Ann Marie Buerkle served as the U.S. Representative of New York’s 25th Congressional District from 2011 to 2013. During her time in Congress, Ms. Buerkle was selected to serve as a United States Representative to the 66th Session of the General Assembly of the United Nations from 2011 to 2012. Previously, Ms. Buerkle was an Assistant Attorney General for the state of New York from 1997 to 2009. Earlier in her career, she practiced law in a private firm from 1994 to 1997. She began her career as a registered nurse at Columbia Presbyterian Hospital in New York City. She received a B.S. from Le Moyne College and a J.D. from Syracuse University College of Law.
May 23rd - 6:05 pm
Gov. Andrew Cuomo appointed David Arroyo to fill a vacancy on the Joint Commission on Public Ethics, a lawyer who has ties to both Attorney General Eric Schneiderman and U.S. Sen. Chuck Schumer.
Arroyo is the senior vice president for legal affairs at Scripps Networks Interactive (the parent companyof the Food Network).
He previously served on Schneiderman’s attorney general transition team and on a judge screening panel for Schumer.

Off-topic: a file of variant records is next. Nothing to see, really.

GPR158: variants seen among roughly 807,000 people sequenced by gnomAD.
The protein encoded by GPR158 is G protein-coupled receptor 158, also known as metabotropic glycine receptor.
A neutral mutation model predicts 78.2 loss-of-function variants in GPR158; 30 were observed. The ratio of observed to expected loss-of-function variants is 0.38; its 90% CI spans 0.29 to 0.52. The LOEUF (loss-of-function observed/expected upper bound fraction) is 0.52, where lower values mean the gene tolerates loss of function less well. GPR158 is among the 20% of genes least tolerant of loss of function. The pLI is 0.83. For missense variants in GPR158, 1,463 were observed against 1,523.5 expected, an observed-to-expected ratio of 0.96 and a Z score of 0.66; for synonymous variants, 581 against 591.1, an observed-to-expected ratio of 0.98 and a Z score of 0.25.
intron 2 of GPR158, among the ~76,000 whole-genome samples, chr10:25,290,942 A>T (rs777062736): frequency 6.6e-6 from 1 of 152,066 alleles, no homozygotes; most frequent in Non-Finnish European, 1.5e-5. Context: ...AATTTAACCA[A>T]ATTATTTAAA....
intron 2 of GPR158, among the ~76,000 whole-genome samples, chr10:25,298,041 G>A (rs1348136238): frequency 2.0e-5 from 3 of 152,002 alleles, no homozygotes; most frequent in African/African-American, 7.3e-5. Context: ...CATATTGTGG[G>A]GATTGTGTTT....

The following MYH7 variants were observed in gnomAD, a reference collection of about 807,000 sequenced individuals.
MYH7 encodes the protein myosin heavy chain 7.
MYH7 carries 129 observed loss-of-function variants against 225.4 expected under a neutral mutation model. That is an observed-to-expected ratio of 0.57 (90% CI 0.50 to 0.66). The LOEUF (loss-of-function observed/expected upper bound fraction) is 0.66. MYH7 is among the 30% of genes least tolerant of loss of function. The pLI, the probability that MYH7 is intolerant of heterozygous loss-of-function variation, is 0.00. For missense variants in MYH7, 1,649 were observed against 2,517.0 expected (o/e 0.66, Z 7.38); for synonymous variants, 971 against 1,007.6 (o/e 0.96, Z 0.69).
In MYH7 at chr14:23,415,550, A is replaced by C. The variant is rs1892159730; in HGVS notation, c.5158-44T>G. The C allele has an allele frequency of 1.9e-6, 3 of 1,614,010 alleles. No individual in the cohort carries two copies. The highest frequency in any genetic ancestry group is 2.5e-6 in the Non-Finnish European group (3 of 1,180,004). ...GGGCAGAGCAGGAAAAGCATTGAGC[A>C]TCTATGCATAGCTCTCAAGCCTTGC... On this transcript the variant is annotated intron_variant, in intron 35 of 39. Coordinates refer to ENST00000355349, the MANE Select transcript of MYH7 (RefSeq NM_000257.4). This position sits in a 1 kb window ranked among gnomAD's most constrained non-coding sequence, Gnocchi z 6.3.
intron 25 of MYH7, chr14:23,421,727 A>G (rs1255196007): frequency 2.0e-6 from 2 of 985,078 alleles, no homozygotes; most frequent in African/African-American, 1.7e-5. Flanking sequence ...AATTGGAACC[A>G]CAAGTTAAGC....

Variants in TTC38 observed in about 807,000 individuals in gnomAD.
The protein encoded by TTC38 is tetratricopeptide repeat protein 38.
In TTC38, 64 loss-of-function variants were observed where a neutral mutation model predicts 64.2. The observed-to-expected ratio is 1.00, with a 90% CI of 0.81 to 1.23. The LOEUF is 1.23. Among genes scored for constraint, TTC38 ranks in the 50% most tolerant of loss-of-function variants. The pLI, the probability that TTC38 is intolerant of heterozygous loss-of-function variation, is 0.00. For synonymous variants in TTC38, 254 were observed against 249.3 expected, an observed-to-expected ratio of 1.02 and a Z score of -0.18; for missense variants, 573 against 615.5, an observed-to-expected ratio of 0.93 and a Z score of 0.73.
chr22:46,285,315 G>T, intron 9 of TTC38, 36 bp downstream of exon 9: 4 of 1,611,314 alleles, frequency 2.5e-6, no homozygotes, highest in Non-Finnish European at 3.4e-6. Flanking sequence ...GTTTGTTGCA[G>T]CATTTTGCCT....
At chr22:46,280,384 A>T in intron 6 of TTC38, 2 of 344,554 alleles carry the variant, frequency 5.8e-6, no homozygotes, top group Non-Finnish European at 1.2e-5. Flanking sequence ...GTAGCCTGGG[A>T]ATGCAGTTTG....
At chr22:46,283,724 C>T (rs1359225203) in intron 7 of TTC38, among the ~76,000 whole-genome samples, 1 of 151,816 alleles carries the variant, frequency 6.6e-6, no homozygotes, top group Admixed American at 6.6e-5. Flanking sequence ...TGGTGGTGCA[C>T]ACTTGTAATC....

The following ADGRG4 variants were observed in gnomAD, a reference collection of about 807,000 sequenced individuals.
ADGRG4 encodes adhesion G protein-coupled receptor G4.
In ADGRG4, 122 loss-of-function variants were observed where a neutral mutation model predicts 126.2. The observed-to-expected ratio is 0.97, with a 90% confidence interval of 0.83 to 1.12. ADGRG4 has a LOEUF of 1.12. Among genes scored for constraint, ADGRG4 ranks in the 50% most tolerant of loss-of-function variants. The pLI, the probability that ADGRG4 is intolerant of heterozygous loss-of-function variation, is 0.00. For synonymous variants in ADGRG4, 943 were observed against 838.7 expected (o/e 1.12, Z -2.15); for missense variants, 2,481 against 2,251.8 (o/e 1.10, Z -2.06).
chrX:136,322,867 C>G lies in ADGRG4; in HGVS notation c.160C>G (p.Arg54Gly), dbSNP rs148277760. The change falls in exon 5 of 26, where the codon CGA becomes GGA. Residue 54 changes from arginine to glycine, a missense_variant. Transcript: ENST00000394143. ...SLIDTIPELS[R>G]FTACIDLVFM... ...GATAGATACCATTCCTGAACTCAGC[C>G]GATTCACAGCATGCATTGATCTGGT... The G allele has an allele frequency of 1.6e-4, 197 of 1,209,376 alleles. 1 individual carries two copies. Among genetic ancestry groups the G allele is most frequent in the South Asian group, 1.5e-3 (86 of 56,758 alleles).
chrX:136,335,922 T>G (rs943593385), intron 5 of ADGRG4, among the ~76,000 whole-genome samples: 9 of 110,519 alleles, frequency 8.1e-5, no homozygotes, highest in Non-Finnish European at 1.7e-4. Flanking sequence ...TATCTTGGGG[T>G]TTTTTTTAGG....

Before working at Scripps, Arroyo was the chairman was Latino Justice PRLDEF.
“David is highly-respected for his legal acumen and for his service with Latino Justice PRLDEF,” Cuomo said in a statement. “His experience and perspective will be great assets for the Commission as it moves forward with its mission providing guidance, training, and oversight to public officials under the ethics rules of our State. I thank David for his willingness to serve.”
Arroyo replaces the spot on JCOPE held by Westchester County District Attorney Janet DiFiore who resigned earlier this year to focus on her re-election bid.